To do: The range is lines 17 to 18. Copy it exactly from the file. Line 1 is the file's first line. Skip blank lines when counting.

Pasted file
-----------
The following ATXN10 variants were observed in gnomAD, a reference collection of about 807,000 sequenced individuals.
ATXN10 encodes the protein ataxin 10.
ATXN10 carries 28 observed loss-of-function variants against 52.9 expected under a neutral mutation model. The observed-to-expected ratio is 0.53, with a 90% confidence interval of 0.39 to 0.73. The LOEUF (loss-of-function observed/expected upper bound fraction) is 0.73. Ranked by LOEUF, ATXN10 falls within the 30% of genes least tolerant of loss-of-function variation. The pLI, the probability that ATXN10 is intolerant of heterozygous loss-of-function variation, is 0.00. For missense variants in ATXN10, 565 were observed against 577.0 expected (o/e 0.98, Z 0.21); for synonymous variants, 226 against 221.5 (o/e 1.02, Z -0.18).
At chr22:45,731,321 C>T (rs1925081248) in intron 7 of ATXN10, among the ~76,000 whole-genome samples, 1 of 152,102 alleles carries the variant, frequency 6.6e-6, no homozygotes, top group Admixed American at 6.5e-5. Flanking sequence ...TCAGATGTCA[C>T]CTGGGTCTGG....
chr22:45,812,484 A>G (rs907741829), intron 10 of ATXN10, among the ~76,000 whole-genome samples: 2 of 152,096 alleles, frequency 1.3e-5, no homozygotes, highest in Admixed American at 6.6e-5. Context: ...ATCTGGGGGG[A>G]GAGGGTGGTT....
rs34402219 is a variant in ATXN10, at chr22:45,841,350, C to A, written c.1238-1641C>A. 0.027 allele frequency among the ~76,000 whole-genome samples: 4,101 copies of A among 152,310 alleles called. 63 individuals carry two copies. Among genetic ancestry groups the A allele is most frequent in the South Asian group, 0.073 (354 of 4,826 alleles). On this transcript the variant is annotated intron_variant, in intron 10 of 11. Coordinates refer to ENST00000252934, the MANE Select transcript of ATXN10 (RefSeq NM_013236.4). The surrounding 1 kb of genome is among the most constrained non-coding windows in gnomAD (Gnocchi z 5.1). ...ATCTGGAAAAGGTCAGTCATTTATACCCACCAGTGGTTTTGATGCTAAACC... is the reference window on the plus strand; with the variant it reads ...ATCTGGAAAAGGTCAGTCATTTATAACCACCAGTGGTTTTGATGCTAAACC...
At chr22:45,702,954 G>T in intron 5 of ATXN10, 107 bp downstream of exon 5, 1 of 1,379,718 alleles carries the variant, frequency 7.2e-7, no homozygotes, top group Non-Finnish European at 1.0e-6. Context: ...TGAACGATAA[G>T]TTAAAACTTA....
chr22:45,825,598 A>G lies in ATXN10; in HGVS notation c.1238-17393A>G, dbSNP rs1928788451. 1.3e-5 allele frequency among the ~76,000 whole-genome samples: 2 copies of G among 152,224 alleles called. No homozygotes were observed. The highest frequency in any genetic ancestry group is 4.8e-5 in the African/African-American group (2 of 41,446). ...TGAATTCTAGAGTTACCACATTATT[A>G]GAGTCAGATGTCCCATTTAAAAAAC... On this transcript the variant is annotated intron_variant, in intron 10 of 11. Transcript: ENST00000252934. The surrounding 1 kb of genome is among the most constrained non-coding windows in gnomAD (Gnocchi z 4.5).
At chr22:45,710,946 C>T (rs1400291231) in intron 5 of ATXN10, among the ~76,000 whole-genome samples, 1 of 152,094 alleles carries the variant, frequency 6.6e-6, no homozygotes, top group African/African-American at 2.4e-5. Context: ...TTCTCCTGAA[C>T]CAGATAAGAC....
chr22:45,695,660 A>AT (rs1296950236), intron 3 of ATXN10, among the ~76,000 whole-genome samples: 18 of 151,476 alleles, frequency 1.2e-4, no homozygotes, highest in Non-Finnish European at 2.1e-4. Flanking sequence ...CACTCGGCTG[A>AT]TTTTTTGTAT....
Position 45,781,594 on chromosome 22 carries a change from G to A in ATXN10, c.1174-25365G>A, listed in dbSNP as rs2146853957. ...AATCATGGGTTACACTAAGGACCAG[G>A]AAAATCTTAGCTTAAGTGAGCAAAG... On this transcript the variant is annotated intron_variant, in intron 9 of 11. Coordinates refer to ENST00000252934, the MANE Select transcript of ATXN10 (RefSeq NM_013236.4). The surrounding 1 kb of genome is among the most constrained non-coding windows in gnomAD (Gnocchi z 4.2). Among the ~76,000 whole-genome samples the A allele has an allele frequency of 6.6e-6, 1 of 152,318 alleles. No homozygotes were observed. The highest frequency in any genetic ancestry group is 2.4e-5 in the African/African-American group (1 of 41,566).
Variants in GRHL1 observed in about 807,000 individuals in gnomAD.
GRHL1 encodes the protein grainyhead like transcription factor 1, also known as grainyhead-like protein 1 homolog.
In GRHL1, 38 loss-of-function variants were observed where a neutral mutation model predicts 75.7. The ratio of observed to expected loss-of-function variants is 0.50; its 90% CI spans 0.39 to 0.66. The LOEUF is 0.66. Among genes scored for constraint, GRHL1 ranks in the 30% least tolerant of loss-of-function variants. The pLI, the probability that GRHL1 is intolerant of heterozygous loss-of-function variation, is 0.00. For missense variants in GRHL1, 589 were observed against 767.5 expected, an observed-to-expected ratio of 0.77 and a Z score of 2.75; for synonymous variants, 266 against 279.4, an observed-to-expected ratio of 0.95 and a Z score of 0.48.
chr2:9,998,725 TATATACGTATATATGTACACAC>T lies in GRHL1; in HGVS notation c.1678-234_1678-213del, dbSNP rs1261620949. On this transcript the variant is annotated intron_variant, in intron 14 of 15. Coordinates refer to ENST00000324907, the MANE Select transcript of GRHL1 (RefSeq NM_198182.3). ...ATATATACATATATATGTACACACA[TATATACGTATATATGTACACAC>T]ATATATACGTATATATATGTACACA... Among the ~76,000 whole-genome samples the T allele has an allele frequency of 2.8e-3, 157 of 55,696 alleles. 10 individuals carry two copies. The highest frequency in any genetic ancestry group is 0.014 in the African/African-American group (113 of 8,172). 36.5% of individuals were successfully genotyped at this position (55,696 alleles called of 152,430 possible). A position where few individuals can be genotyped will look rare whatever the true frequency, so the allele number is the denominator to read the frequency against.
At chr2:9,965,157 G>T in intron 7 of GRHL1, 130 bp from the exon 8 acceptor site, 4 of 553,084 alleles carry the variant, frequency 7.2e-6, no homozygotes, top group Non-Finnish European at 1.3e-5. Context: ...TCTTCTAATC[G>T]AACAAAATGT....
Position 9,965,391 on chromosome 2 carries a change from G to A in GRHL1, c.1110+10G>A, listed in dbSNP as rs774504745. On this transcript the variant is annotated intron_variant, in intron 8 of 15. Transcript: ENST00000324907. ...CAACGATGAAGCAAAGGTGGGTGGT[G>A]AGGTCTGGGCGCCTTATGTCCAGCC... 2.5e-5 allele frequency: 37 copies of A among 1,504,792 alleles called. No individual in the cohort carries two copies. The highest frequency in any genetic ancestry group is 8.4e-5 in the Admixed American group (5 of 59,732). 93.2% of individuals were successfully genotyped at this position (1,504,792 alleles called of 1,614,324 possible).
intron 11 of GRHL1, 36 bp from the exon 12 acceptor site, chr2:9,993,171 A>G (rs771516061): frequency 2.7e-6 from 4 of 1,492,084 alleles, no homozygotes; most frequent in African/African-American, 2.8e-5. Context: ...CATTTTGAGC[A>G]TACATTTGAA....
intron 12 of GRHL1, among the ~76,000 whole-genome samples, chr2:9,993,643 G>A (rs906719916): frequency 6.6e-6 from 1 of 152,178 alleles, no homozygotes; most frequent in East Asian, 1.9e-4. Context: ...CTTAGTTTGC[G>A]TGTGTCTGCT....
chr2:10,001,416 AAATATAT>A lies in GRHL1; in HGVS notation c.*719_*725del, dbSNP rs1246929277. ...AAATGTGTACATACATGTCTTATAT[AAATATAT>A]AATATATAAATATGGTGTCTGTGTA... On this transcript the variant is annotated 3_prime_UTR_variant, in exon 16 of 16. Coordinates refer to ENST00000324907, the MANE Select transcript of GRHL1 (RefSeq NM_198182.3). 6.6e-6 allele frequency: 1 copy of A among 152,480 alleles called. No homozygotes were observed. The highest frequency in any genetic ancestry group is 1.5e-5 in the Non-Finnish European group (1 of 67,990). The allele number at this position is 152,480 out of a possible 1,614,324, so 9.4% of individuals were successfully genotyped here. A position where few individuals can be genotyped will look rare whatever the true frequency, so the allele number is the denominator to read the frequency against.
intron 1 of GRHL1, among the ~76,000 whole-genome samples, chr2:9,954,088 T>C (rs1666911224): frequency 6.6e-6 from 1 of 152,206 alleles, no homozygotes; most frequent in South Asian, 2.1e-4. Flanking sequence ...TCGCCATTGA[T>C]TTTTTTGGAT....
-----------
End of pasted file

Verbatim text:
Position 9,965,391 on chromosome 2 carries a change from G to A in GRHL1, c.1110+10G>A, listed in dbSNP as rs774504745. On this transcript the variant is annotated intron_variant, in intron 8 of 15. Transcript: ENST00000324907. ...CAACGATGAAGCAAAGGTGGGTGGT[G>A]AGGTCTGGGCGCCTTATGTCCAGCC... 2.5e-5 allele frequency: 37 copies of A among 1,504,792 alleles called. No individual in the cohort carries two copies. The highest frequency in any genetic ancestry group is 8.4e-5 in the Admixed American group (5 of 59,732). 93.2% of individuals were successfully genotyped at this position (1,504,792 alleles called of 1,614,324 possible).
intron 11 of GRHL1, 36 bp from the exon 12 acceptor site, chr2:9,993,171 A>G (rs771516061): frequency 2.7e-6 from 4 of 1,492,084 alleles, no homozygotes; most frequent in African/African-American, 2.8e-5. Context: ...CATTTTGAGC[A>G]TACATTTGAA....